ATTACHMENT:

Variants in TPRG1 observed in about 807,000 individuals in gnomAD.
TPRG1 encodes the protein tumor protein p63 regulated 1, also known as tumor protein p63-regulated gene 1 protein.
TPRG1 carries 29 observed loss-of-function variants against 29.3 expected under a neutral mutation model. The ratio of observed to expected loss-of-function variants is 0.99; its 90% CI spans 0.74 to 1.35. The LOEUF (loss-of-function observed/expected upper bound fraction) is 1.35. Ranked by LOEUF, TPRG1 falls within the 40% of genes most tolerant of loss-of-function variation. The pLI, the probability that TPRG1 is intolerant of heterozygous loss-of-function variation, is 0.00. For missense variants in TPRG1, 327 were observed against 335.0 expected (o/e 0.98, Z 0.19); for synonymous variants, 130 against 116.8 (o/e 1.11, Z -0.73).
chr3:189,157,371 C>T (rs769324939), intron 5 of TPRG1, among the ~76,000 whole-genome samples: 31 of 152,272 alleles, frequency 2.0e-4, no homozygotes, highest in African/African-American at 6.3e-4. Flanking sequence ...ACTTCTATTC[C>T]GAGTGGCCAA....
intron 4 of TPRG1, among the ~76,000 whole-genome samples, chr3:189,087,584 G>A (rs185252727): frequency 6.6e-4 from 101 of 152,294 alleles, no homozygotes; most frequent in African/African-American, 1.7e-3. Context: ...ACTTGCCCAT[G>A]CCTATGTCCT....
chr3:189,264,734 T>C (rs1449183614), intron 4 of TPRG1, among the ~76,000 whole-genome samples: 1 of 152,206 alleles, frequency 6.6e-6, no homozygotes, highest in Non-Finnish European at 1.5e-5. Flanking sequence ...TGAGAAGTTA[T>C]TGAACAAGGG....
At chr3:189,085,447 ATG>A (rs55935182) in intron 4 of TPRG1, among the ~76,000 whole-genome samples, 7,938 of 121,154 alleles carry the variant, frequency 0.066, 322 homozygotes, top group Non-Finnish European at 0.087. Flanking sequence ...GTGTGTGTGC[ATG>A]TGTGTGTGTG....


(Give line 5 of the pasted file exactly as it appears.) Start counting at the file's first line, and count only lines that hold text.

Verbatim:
intron 4 of TPRG1, among the ~76,000 whole-genome samples, chr3:189,087,584 G>A (rs185252727): frequency 6.6e-4 from 101 of 152,294 alleles, no homozygotes; most frequent in African/African-American, 1.7e-3. Context: ...ACTTGCCCAT[G>A]CCTATGTCCT....